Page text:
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MACHO MADNESS The Man With No Name
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Last month I shared my dilemma of what I wanted my new granddaughter, Madeline, to call me when she begins to talk. I wasn't too worried, until my wife, Donnelle and I recently received a card from our daughter in the mail.

My daughter has a great sense of humor, especially when it comes to her dad. While I struggled with arriving at an appropriate name, Donnelle didn't miss a beat in coming up with 'Nana.' So Rachel addressed the card to Nana and 'TBD.'

To Be Determined.

I'm glad she gets me.

So last month, I asked for help from the readers of this column, and I appreciate all the responses. While all were excellent, I have to say the best suggestion came from Kathryn Lorenz of Oakdale.

"Craig, first off, congratulations on your new little granddaughter. I'm sure she will bring much joy into your life," Kathryn said in her email.

"As far as what she should call you ... if you have any Italian descent in your family why don't your grandkids call you Nonno (Italian for Grandpa)?"

I recalled my dad sometimes spoke of his grandfather emigrating from Italy, settling in a small town in Minnesota, where he eventually became the town constable. In fact, he became the first of a long line of my extended family to make a career in law enforcement. I continued reading Kathryn's email:

"We grew up calling our grandparents Nonno and Nonie and now we are Nonno and Nonie to our grandkids. Once our grandkids were born they called their great grandparents Biz Nonno and Biz Nonie, meaning great grandfather and great grandmother. So how come you can't be a Nonno? Can't you see yourself as a Nonno? Best wishes on your name search!"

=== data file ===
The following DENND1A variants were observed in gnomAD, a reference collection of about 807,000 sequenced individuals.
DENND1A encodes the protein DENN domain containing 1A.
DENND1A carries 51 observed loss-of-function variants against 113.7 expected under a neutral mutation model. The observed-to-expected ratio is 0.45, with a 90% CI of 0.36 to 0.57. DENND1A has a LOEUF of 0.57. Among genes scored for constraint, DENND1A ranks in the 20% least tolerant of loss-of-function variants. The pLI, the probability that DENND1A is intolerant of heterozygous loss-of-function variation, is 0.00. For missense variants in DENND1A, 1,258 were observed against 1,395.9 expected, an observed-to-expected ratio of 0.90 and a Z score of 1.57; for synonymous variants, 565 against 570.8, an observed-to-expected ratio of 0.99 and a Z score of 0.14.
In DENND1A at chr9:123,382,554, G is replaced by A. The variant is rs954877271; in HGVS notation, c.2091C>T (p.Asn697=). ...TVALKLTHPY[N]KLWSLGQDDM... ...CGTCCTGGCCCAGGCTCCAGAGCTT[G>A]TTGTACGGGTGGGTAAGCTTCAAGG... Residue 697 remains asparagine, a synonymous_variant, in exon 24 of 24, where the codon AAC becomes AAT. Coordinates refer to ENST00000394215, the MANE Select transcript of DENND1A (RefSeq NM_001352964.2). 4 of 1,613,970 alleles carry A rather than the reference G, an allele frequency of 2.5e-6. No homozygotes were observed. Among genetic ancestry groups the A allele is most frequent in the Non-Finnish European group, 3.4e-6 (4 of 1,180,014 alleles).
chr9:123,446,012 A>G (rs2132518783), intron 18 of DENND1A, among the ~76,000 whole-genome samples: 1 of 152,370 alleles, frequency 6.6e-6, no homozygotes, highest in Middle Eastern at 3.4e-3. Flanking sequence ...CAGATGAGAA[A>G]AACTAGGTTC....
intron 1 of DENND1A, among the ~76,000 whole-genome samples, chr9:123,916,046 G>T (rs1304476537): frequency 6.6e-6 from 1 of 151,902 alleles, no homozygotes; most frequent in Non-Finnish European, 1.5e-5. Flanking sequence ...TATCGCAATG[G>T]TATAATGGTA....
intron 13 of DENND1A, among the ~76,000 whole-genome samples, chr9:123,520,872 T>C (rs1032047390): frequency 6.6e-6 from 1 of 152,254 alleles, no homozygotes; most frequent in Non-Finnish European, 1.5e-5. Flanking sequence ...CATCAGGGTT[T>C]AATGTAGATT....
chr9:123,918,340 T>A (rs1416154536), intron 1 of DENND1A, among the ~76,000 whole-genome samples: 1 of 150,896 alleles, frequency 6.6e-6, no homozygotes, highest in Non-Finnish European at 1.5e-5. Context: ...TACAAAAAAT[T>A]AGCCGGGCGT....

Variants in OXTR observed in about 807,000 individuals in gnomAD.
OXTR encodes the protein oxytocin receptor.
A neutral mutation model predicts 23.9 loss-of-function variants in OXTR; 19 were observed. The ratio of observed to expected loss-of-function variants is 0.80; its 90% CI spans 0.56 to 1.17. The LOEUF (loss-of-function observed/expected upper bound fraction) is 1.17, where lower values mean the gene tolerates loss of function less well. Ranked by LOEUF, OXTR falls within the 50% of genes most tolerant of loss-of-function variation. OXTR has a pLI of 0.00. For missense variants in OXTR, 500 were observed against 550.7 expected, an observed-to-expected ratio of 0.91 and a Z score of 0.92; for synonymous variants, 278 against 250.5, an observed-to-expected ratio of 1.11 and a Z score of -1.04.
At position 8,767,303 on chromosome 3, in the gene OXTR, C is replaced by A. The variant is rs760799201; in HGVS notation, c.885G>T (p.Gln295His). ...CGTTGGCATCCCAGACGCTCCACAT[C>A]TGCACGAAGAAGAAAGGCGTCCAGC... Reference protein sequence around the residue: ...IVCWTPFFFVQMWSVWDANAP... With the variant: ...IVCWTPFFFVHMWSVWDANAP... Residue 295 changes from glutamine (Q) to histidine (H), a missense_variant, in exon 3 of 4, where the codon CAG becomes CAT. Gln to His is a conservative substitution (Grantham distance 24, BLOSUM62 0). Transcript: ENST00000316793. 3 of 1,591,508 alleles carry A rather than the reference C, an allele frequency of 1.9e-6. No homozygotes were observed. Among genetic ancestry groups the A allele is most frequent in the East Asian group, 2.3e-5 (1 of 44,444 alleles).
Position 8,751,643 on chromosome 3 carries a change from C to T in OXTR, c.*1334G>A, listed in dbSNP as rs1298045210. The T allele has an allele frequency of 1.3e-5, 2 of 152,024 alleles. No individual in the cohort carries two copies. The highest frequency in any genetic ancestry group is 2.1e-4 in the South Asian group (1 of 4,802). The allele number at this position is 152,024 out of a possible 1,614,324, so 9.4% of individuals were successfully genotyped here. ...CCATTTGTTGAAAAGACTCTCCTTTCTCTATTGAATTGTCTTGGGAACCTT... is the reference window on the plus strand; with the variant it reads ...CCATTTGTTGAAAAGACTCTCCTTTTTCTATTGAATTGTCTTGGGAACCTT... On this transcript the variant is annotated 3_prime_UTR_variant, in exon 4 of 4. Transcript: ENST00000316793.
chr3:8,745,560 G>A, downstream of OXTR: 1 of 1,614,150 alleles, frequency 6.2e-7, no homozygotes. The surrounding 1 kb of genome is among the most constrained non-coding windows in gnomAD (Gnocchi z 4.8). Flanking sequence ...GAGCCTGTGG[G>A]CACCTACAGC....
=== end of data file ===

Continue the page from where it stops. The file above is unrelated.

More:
Nonno. I liked the sound of it, and thought about how my dad goes by the name of 'Papa' to his grandchildren. Papa, of course, is Italian for father, and then I vaguely recalled a brief, long-ago conversation with my dad about him growing up in Minnesota.

He moved to California with his parents as a child, and only has faint memories of his grandfather. But it suddenly made sense to me.

If he heard his father, and his aunts and uncles call his grandfather 'Papa,' when he was a child, of course he would adopt that name as his own when he first became a grandfather, when my older sister had my niece 30 years ago. So my becoming Nonno would be perfect; kind of like coming full circle.

I called him, eager to share my theory.

No," he said, after letting me ramble on for a few minutes. "That's just how Julie (my oldest niece) pronounced it when she tried to say grandpa."


But I still liked Nonno. I called Rachel, telling her of the cool grandfather name I had discovered.

"Nonno? Uh, I don't know. But if you like it ... "

This would be Rachel-speak for "Are you kidding me?"

Hey, it wasn't my idea; blame Kathryn Lorenz of Oakdale, she was the one who thought of it.

(Sorry for throwing you under the bus, Kathryn, but we're talking grandkids here. I know you'll understand.)

I went back to the emails, discovering sometimes simpler is better:

"I pop in the Leader once in a while and look for your prose. Always enjoyed it.

"I too am enjoying this new season of life as a grandfather, my oldest son made me a young grandfather, he and his wife are enjoying parenthood in their young twenties ... How soon I forgot how busy toddlers can be... Good luck with the "grandpa" name ... me, I'm just Grandpa Bob."

Grandpa Craig. I rolled it around in my brain a little, enjoying the feel of it.

But I keep coming back to Nonno.

I called my son, Kevin, and ran it by him.

"I like it," he declared.

Kevin has always enjoyed being Italian, although I think he used it mostly as an excuse to hang the 'Goodfellas' poster in his room when he was a teenager. But, as he pointed out, he gets a vote in this, also.

"My kids are going to have to call you something," he reasoned.

It's funny, how Donnelle and I thought so much of our life had concluded when we became empty nesters a few years ago. People told us of the riches to come, but I guess you have to experience it for yourself.

So, Nonno, Grandpa Craig, or TBD, I haven't totally made up my mind yet. But I do appreciate everyone responding like they did (bus tire marks notwithstanding, Kathryn).

It's going to be a great adventure ...

Craig Macho is a staff reporter for The Oakdale Leader, The Riverbank News and The Escalon Times. He may be reached at or by calling 847-3021.